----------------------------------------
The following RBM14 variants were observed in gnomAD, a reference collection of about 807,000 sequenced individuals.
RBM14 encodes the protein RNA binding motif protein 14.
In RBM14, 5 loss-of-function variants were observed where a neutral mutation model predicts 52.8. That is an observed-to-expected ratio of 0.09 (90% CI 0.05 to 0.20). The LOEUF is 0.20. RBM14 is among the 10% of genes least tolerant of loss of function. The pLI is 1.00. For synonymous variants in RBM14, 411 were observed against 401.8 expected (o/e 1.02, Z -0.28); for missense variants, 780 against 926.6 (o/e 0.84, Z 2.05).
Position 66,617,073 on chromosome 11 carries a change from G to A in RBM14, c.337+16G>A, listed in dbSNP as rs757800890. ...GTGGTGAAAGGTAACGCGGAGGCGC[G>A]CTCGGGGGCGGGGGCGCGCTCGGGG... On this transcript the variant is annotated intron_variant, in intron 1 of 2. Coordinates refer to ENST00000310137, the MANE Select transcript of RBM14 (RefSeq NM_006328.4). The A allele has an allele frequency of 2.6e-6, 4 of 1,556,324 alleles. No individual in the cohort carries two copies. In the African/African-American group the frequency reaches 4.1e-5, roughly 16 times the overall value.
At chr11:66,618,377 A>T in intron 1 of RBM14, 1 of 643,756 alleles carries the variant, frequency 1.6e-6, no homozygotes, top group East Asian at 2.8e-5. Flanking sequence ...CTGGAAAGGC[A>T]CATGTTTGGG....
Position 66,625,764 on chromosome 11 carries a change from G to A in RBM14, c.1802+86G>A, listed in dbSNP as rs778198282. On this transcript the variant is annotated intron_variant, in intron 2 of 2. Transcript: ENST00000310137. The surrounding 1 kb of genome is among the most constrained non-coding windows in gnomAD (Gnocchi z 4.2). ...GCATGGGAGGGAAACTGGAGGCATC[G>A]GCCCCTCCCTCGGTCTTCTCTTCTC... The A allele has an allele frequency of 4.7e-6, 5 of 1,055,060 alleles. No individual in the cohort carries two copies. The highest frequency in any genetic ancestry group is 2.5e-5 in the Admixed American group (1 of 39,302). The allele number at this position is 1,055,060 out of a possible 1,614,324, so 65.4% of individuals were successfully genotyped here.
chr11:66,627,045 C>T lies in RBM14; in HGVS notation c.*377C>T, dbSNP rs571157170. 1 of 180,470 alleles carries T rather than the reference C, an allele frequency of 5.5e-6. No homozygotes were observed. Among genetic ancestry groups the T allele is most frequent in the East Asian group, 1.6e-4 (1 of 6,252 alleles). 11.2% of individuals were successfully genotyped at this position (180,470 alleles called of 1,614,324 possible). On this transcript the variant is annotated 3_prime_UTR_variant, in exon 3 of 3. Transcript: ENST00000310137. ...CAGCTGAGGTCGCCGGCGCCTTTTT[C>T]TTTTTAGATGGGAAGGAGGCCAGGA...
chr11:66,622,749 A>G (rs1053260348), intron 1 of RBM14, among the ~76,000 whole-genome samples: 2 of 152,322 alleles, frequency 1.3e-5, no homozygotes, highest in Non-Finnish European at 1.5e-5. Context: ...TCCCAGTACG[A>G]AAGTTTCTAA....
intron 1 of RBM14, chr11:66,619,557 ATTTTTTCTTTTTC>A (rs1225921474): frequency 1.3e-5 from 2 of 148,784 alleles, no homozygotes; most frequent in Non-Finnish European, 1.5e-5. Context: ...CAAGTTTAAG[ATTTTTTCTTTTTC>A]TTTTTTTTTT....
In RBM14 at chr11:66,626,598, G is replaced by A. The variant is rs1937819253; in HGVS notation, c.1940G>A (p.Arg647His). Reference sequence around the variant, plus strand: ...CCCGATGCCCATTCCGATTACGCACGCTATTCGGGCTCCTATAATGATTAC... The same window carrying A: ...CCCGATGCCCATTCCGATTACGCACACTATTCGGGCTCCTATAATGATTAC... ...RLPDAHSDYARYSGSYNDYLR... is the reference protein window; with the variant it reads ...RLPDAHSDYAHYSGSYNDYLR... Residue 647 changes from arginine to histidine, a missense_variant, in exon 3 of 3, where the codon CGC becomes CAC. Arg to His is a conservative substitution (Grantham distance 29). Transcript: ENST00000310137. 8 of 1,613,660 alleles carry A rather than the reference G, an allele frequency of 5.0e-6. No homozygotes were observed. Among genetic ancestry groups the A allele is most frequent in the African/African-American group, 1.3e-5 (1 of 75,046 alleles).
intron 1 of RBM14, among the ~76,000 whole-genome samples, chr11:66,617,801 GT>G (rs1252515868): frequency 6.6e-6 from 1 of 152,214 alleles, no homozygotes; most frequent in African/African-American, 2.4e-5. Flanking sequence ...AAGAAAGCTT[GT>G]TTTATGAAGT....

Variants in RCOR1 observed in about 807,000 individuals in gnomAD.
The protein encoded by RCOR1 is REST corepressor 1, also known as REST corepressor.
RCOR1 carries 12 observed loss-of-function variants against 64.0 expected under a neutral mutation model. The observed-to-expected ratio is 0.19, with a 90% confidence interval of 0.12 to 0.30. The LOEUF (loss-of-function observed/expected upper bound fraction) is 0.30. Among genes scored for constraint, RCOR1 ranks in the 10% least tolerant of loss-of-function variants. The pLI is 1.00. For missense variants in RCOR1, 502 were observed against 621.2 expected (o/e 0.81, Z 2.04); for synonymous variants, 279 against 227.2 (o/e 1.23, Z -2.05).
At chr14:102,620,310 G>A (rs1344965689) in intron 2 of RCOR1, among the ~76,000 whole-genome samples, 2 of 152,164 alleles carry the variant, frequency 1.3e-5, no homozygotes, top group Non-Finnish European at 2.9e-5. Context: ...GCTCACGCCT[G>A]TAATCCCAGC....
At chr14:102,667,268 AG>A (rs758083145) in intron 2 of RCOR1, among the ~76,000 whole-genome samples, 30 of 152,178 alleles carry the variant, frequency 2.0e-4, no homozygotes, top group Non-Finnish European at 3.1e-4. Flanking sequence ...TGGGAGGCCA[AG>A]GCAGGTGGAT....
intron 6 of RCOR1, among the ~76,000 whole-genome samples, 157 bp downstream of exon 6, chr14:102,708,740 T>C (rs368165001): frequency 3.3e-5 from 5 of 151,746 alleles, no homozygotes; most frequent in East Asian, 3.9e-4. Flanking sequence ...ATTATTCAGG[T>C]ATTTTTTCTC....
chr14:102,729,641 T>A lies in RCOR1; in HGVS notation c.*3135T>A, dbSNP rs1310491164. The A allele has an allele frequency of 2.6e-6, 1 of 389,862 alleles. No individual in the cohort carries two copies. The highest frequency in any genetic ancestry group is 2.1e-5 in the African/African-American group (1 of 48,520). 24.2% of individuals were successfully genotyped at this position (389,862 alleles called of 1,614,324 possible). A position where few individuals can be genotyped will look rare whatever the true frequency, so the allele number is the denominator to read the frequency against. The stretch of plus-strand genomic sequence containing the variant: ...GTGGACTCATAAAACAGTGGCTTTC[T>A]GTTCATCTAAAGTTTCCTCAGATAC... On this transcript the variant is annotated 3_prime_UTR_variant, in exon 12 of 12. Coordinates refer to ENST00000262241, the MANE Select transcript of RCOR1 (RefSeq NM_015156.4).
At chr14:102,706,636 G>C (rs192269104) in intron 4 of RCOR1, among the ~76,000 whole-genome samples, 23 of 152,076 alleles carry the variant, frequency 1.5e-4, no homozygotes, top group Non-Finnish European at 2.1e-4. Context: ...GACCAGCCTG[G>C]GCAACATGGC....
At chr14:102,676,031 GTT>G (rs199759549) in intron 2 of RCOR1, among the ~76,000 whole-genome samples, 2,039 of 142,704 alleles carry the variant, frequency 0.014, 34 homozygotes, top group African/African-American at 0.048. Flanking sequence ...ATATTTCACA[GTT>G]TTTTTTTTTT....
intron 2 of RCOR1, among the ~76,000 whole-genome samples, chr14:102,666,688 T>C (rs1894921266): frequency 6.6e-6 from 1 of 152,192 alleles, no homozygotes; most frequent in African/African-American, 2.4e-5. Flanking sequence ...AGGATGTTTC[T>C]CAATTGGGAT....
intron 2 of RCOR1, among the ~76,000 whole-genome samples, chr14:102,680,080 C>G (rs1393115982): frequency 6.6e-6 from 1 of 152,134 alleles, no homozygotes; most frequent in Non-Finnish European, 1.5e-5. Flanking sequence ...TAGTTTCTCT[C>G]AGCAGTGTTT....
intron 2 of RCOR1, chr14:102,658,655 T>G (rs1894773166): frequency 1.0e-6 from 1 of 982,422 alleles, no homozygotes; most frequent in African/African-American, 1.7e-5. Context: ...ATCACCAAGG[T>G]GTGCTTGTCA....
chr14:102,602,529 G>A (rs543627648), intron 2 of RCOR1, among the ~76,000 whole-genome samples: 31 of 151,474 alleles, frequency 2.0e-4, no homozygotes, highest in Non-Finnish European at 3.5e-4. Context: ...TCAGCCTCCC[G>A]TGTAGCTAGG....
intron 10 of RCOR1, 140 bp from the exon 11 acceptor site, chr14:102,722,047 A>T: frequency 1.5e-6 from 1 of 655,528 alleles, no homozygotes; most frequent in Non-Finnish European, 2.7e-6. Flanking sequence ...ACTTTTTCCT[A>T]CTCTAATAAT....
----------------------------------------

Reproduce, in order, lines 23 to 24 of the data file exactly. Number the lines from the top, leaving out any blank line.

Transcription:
intron 2 of RCOR1, chr14:102,658,655 T>G (rs1894773166): frequency 1.0e-6 from 1 of 982,422 alleles, no homozygotes; most frequent in African/African-American, 1.7e-5. Context: ...ATCACCAAGG[T>G]GTGCTTGTCA....
chr14:102,602,529 G>A (rs543627648), intron 2 of RCOR1, among the ~76,000 whole-genome samples: 31 of 151,474 alleles, frequency 2.0e-4, no homozygotes, highest in Non-Finnish European at 3.5e-4. Context: ...TCAGCCTCCC[G>A]TGTAGCTAGG....